Jared du Toit primed for success in second season on Mackenzie Tour

Jared du Toit first rose to prominence in Canada at the RBC Canadian Open at Glen Abbey (Oakville, Ont.) in 2016 when, as a 21-year-old amateur, he played in Sunday’s final group alongside veteran Brandt Snedeker.

When Jared du Toit tees off in Thursday’s first round of the Freedom 55 Financial Open at Point Grey Golf Club it will mark his 365th day as a professional golfer.

The Arizona State University grad turned pro on June 1, 2017, just in time to play in the second stop of the Mackenzie Tour’s B.C. Swing at Uplands Golf Course in Victoria. Du Toit, who turned 23 last week, made the cut in his first pro event and earned a $1,162 cheque for finishing in a tie for 29th.

The Calgary native, who was raised in Kimberley, B.C., finished 23rd on the Mackenzie Tour money list with three top-10 finishes and earnings of $26,233.

He first rose to prominence in Canada at the RBC Canadian Open at Glen Abbey (Oakville, Ont.) in 2016 when, as a 21-year-old amateur, he played in Sunday’s final group alongside veteran Brandt Snedeker. His final-round 71 left him three strokes back of winner Jhonattan Vegas and in a tie for ninth place.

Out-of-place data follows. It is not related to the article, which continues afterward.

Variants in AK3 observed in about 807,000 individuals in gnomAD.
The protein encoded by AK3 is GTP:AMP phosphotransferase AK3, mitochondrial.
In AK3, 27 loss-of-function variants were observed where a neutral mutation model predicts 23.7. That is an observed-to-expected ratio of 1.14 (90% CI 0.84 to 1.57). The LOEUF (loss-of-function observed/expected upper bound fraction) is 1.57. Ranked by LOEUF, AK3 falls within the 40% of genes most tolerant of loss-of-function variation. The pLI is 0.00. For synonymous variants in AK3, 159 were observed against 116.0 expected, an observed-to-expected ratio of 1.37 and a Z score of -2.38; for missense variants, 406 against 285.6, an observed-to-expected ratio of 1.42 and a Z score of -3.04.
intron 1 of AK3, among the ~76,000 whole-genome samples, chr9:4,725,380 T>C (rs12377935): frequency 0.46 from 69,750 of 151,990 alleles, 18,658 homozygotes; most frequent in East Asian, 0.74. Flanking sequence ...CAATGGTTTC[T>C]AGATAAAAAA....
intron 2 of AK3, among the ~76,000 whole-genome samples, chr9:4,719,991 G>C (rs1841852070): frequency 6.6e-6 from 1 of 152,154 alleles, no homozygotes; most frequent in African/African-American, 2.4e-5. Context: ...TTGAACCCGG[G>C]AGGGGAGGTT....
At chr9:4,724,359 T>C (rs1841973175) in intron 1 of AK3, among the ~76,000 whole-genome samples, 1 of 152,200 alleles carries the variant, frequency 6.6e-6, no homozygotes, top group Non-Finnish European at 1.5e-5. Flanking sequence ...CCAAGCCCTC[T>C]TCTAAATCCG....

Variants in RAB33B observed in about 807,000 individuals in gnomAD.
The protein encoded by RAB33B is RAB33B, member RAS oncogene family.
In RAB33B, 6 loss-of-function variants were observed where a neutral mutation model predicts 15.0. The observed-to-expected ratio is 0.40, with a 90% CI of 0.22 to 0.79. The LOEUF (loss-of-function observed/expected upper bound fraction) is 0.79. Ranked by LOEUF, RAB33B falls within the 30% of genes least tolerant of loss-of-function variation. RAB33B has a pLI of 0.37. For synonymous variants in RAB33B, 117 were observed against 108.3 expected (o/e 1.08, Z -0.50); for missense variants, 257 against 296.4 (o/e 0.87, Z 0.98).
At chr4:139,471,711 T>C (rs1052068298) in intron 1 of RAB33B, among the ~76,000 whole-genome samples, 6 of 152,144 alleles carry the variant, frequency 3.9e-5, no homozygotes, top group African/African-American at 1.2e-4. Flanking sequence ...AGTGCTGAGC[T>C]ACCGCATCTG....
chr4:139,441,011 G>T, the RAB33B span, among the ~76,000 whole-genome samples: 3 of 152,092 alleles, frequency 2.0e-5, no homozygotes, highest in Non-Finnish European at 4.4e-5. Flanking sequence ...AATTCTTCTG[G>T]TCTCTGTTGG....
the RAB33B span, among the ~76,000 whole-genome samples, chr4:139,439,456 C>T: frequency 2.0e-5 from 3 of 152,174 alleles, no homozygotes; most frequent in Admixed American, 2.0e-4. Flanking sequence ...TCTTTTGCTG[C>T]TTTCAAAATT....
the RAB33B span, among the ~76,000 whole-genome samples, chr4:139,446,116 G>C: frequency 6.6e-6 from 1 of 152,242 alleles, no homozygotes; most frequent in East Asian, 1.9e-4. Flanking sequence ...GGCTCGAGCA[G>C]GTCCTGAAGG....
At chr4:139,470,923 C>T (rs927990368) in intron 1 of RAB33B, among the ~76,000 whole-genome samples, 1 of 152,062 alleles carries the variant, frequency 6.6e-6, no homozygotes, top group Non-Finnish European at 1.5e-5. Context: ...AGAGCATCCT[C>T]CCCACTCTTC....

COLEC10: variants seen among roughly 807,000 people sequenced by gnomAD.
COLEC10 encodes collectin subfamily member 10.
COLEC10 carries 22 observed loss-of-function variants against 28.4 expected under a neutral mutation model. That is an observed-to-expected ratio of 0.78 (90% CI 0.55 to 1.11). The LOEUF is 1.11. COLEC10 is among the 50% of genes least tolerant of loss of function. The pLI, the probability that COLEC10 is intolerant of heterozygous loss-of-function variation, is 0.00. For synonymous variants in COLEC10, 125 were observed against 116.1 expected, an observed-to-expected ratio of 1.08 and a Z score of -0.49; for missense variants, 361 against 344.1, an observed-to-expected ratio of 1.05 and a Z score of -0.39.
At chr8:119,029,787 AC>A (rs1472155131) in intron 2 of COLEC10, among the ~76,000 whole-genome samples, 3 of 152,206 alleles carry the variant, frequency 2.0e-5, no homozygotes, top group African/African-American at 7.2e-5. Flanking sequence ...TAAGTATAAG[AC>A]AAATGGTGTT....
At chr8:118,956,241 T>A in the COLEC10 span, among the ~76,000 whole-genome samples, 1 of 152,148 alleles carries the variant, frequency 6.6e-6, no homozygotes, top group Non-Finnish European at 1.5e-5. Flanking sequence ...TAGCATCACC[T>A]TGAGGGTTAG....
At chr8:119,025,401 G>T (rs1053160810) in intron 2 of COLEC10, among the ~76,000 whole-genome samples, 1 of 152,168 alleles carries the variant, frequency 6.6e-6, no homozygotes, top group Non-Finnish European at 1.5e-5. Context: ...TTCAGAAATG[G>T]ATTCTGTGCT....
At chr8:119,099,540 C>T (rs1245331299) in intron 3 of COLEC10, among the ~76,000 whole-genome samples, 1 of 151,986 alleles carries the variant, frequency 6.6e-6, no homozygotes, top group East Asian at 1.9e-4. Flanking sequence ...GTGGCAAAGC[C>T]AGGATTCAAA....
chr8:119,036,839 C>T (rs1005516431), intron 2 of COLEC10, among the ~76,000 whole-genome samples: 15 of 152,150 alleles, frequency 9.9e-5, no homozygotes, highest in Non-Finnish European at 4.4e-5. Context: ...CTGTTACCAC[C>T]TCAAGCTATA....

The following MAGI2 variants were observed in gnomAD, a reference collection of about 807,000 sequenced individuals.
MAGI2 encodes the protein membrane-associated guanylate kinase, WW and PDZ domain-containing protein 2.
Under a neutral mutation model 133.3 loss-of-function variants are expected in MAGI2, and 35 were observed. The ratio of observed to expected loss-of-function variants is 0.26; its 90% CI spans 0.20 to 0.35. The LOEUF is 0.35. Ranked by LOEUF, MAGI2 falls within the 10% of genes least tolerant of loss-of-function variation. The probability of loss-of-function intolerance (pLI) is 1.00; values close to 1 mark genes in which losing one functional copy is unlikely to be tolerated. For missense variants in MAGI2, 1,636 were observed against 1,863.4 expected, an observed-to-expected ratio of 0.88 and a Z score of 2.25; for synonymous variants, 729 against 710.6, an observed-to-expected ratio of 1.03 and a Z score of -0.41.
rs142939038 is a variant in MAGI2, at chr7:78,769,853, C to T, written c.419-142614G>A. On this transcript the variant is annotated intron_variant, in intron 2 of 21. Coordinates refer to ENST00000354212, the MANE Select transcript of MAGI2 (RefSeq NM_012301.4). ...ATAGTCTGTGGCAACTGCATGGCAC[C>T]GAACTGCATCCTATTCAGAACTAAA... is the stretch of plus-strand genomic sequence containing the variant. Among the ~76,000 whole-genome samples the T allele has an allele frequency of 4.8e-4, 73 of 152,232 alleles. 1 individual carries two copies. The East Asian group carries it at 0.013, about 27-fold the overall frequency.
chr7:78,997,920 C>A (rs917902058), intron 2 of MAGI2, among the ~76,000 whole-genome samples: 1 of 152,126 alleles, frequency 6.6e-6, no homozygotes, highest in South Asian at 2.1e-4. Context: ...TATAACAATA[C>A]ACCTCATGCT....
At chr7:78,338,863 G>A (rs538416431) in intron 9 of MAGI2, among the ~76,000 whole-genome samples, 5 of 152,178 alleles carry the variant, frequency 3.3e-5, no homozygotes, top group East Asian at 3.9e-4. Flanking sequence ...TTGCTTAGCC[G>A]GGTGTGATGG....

He talked to Postmedia News from Oceanside, Calif., where he was about to attend a fitting session at Titleist headquarters.

Q: You are approaching the one-year anniversary of turning professional. What has the learning curve been like for you?

A: I feel like I have learned a ton in a short period of time. A lot of little things, like how to travel. I went down and played the Latin America tour — I had six events down there just recently. I never really understood the importance of booking the right travel and knowing how to prepare yourself with that in mind. I was down in Argentina and it’s pretty far down there, it takes your body a while to get adjusted. I made sure I was a day or two earlier than a lot of guys might go down. I needed that time to let my body adjust to the time zone, etc. That’s just one example of things that you might not consider but which I feel are really important.

Q: You made three cuts in six events on the Latin American tour, are you happy with your progress?